I think this thread can be of great value to budding authors and seasoned writers alike.
I have experience on both sides of the fence, having worked with writers to get work published in the past.
In my experience, most first time authors are just happy to get their work in print, and seem to forget about the financial side of the deal with a publisher. They may also find themselves being tied to a 'next book clause' and very low loyalties for their efforts.
There are a fair few issues to tackle that have been mentioned already, so I will address a couple of them.
The most important thing is to find a publisher that you are comfortable with. All will make promises, but I would advocate actually trying to contact published authors in their stable to ask their opinions. The publisher may furnish you with a list and be happy to help in this area. I would be wary of those who are not so forthcoming. In short, do your research on the publishing firm. You want the process to be as enjoyable as possible and crucially, the end product to be something you are proud of, rather than one of regrets of what it could have been. You must look at their back catalogue, assess their house style and the quality of their output. There are big differences between the output of different firms in terms of quality.
Royalties - these vary enormously and if the author is not careful, they may find themselves tied to a contract that yields very little financially, even if the book is successful. It surprises me that no author asks for a banded royalty rate based on sales. So, the more the publisher sells, the more the author benefits. A publishing firm will certainly not offer this as a matter of course. I cannot stress enough the importance of getting the opinions of other authors (if they are forthcoming). You will be in a stronger position to negotitate better terms armed with some industry knowledge.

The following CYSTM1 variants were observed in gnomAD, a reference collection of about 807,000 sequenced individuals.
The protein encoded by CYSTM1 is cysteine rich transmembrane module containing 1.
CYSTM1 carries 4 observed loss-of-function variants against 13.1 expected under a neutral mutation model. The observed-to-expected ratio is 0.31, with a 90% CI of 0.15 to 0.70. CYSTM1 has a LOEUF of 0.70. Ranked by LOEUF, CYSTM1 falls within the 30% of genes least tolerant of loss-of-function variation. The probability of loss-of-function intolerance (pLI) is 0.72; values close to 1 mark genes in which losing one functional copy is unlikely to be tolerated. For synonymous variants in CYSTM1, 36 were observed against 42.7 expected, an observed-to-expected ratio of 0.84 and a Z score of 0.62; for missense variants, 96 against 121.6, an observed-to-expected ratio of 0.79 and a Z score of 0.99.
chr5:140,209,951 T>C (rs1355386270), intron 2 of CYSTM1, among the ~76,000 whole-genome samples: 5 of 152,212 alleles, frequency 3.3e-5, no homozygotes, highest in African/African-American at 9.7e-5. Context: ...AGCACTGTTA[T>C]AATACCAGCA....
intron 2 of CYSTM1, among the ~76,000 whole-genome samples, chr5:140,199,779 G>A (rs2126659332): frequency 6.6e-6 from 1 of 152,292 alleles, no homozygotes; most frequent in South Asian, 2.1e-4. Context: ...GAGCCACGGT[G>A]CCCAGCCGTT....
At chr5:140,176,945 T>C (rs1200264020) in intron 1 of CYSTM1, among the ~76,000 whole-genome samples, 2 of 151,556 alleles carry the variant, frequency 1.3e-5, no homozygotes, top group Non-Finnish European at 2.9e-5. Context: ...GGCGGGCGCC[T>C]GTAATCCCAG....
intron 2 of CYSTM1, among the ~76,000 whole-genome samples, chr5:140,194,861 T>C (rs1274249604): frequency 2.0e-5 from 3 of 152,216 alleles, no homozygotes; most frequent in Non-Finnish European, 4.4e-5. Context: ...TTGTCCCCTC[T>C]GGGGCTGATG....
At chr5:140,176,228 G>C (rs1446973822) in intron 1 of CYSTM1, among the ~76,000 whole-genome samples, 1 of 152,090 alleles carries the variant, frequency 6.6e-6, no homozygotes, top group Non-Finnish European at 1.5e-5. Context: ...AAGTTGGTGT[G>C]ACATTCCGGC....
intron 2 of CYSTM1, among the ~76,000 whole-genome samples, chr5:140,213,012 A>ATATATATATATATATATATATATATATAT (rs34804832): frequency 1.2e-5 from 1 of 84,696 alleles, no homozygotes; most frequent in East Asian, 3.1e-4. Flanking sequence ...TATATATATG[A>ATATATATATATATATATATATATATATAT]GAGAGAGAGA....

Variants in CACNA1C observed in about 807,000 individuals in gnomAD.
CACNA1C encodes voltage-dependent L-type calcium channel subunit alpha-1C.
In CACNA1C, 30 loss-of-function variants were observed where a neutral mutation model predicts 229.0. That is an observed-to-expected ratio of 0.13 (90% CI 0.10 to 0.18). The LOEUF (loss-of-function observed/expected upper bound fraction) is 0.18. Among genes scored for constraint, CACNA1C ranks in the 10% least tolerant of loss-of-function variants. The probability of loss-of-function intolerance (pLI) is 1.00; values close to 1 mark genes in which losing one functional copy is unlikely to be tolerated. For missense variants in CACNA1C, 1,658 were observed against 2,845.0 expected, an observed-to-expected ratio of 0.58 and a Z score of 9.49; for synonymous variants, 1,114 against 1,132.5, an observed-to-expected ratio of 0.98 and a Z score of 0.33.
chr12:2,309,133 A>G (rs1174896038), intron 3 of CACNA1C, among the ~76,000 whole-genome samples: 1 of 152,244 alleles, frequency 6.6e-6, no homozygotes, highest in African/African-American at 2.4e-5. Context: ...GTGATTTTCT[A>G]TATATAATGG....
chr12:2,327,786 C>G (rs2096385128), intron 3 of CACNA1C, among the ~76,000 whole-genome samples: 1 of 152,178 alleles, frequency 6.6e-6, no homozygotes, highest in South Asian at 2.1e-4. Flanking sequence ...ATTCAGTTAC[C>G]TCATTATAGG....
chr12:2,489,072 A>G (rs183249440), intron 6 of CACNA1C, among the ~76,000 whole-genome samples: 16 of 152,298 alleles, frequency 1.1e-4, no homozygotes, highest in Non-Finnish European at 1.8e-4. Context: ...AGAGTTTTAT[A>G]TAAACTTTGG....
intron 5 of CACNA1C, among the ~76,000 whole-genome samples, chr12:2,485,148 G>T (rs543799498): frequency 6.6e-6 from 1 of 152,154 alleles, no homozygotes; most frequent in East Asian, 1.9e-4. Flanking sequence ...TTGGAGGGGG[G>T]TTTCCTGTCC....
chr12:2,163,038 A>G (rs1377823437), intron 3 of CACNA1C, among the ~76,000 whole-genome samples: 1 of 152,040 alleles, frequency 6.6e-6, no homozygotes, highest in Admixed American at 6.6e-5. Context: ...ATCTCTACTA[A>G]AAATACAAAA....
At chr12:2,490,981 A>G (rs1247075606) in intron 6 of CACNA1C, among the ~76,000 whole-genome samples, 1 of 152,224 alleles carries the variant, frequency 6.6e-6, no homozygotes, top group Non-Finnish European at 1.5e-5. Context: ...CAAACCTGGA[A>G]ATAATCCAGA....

Free copies - it is only fair that the publishers gives their authors free copies as part of the deal. This is commonplace and is only courteous. Personally, if a publisher does not give a few free copies, then it tells me a lot about that firm.
Editorial control - this is a thorny issue as I have seen the other side of the fence, with authors severely delaying the process by wanting to make continual minor' last minute' changes. There is a balance between getting the book right and delaying the whole project. On saying that, a good publisher should work with the author to create something both can stand behind. This will involve mutually agreed deadlines for changes and additions to keep the project intact. I have found that some authors have a very clear and defined vision and turn up with something that is like a final proof. Other needs much more guidance.
Formats - some publishers will have set parameters for their books. For example, it must be 224 pages, with 120 images etc etc. This is for economic reasons with paginations, as well as their firm belief that this format works. Experience has told me that one model does not fit all. Try and find this out information before you partner up with the firm as you certainly do not want to see your 300 page book butchered into fitting their model.
I am sure I have missed some of the points covered, but to conclude, I cannot stress enough the need for authors & budding authors alike to actually talk to each another, rather than accept the first offer that comes from a publisher.